With Donald out due to the left hand injury, Hannahan earned the Opening Day job. He is eligible for arbitration this winter and could be back in the fold, along with Chisenhall, who showed flashes of his potential in a rookie stint with the Tribe. Donald's other positions -- shortstop and second base -- are occupied by Asdrubal Cabrera and Jason Kipnis, respectively.

Unless Chisenhall begins 2012 back at Triple-A -- a possible scenario -- Donald figures to be a utility option off the bench and not a starter at the hot corner. This offseason, the Indians even tried Donald some in the outfield during instructional league, seeing if his versatility could translate into an even more expanded reserve role.

"We're very happy with the progress he has made," Indians manager Manny Acta said at the end of the season. "It's too bad we haven't seen him enough at third, but I'm comfortable with him at any of those spots.

"Depending on what we do during the offseason, or what decisions we make, he could end up being a very valuable utility infielder for us."

That possibility is fine with Donald.

"Lonnie and Jason have a chance to be stars in this game," Donald said. "I think Asdrubal has established himself as one of the premiere shortstops in the game, without a doubt. ... Those guys should be everyday guys going into next year. I think they've proven themselves this year.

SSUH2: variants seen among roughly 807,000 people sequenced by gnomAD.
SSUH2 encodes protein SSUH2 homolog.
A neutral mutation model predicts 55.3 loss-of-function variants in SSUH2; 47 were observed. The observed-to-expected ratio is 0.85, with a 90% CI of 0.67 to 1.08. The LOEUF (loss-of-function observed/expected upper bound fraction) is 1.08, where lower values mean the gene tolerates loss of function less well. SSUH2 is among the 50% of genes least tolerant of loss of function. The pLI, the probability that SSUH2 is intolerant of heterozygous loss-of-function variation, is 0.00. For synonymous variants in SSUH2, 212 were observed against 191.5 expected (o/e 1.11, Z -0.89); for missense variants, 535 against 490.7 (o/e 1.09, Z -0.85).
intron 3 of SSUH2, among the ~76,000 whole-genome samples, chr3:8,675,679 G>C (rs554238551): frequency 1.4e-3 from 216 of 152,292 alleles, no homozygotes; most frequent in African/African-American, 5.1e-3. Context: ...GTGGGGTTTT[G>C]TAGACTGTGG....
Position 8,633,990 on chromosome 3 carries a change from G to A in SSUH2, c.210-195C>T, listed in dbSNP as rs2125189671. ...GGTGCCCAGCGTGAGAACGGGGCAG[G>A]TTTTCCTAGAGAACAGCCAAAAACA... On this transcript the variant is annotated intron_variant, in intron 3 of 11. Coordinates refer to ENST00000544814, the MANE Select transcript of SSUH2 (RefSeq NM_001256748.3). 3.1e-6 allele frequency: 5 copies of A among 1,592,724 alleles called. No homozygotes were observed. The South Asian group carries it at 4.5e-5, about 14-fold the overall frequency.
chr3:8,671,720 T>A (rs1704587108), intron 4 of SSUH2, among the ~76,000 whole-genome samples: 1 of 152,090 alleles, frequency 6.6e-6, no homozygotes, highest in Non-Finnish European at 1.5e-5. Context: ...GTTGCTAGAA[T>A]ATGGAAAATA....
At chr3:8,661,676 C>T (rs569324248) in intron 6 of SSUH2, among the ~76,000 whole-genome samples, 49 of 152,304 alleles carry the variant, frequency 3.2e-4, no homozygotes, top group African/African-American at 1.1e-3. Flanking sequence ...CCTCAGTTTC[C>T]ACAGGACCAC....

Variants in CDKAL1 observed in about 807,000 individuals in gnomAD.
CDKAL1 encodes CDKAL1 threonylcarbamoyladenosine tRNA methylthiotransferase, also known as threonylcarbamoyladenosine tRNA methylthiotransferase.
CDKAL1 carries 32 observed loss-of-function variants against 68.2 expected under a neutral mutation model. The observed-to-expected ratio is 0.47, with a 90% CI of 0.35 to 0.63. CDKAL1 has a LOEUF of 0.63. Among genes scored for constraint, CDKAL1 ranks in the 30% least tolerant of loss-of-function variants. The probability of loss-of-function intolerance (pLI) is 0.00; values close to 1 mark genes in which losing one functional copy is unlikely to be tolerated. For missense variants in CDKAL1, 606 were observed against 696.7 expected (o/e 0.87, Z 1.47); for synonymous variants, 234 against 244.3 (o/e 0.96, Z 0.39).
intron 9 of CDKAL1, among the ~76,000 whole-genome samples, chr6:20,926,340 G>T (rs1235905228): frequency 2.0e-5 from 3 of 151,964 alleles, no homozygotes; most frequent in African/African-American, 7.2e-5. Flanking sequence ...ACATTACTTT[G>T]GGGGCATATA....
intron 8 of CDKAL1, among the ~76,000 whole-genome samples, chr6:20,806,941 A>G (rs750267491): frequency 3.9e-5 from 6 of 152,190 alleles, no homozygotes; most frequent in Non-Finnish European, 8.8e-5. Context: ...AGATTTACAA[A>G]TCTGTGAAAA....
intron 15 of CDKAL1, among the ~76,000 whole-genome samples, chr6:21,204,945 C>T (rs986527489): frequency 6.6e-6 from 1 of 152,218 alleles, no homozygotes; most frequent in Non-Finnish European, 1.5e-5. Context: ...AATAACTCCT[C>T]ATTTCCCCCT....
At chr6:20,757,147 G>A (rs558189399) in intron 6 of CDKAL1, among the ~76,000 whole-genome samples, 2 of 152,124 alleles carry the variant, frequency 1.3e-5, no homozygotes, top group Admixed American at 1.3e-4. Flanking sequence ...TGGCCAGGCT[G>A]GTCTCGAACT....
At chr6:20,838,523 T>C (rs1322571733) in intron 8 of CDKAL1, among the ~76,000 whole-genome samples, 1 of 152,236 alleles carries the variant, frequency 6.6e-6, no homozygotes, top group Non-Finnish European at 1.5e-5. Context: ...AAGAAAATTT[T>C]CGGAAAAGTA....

"At the same time, I have to prepare myself. I have to be ready to go when my name is called. But it's not something I really look at too much, just because I never thought this year was going to play out the way it did. I'm very cautious to plan and to look into the future."

By the time the season finished, the 27-year-old Donald found himself in the lineup on a semi-regular basis. Donald filled in at second base when Kipnis was sidelined with a hamstring injury and he received a few starts at shortstop and third. When Donald did play, he shined offensively.

In his 39 games with Cleveland, Donald hit .318 with one homer, six doubles, eight RBIs and 13 runs scored. Along the way, he posted a .364 on-base percentage while spending time in six different spots within the batting order.